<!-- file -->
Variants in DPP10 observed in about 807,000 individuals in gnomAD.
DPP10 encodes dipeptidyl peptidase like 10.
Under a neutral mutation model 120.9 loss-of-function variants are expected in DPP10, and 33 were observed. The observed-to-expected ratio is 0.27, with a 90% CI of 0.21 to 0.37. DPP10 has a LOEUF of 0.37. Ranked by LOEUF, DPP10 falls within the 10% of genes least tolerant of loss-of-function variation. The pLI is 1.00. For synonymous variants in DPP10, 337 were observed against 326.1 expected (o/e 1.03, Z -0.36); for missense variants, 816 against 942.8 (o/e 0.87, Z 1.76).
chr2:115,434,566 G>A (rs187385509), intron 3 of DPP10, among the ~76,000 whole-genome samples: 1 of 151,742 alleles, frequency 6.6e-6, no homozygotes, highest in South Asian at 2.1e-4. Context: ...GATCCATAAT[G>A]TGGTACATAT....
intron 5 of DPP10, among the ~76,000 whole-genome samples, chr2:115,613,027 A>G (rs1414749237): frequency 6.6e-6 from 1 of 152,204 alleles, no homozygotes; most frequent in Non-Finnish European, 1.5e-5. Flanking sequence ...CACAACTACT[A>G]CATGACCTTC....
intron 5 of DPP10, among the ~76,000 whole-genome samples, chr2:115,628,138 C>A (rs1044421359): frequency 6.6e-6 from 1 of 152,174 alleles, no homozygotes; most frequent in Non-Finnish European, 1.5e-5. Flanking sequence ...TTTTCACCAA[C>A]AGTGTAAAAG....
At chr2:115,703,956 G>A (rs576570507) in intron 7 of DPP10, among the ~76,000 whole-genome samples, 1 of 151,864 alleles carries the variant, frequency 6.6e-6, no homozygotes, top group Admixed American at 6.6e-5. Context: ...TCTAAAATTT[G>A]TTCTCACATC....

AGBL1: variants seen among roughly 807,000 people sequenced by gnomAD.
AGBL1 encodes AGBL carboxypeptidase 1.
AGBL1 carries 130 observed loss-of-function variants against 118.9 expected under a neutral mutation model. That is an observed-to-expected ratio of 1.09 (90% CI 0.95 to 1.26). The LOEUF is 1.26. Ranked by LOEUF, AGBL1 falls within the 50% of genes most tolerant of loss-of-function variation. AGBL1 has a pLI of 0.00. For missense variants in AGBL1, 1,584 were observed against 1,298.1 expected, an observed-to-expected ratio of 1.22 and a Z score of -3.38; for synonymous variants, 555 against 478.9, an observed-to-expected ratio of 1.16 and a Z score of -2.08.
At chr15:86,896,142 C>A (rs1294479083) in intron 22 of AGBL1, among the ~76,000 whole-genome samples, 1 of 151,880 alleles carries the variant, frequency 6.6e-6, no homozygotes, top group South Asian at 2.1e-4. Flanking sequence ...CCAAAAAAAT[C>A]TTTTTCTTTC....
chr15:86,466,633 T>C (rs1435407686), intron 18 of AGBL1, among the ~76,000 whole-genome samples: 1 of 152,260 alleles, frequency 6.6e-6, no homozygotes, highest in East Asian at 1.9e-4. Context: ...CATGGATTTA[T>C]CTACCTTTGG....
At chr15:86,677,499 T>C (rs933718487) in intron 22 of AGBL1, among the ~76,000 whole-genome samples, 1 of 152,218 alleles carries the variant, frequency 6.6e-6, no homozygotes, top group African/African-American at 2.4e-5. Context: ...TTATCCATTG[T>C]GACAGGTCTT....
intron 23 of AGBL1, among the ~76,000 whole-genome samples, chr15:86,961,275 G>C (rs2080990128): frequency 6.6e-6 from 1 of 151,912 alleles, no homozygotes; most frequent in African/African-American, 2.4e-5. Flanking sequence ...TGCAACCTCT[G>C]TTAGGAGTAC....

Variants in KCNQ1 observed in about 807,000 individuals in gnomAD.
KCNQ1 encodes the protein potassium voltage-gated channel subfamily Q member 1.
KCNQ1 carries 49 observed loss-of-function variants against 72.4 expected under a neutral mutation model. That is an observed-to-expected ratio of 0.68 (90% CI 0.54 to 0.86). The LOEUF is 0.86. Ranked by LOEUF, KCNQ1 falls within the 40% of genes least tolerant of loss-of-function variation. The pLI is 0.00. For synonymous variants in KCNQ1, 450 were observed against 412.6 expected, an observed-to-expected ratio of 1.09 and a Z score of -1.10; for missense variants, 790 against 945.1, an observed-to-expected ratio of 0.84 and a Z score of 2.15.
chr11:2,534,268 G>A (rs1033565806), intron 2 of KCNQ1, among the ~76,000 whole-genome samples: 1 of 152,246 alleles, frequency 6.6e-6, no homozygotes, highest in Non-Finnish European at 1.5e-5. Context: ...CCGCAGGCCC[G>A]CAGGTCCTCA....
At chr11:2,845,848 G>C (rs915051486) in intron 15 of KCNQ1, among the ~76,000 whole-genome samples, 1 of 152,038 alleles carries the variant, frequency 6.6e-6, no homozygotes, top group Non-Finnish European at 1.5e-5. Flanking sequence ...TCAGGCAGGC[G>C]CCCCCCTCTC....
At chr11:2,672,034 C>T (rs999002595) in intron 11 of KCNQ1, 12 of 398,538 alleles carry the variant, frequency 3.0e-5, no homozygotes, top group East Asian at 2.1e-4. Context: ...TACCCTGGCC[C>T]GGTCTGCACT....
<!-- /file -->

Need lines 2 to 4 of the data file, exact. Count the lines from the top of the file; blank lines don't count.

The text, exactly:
DPP10 encodes dipeptidyl peptidase like 10.
Under a neutral mutation model 120.9 loss-of-function variants are expected in DPP10, and 33 were observed. The observed-to-expected ratio is 0.27, with a 90% CI of 0.21 to 0.37. DPP10 has a LOEUF of 0.37. Ranked by LOEUF, DPP10 falls within the 10% of genes least tolerant of loss-of-function variation. The pLI is 1.00. For synonymous variants in DPP10, 337 were observed against 326.1 expected (o/e 1.03, Z -0.36); for missense variants, 816 against 942.8 (o/e 0.87, Z 1.76).
chr2:115,434,566 G>A (rs187385509), intron 3 of DPP10, among the ~76,000 whole-genome samples: 1 of 151,742 alleles, frequency 6.6e-6, no homozygotes, highest in South Asian at 2.1e-4. Context: ...GATCCATAAT[G>A]TGGTACATAT....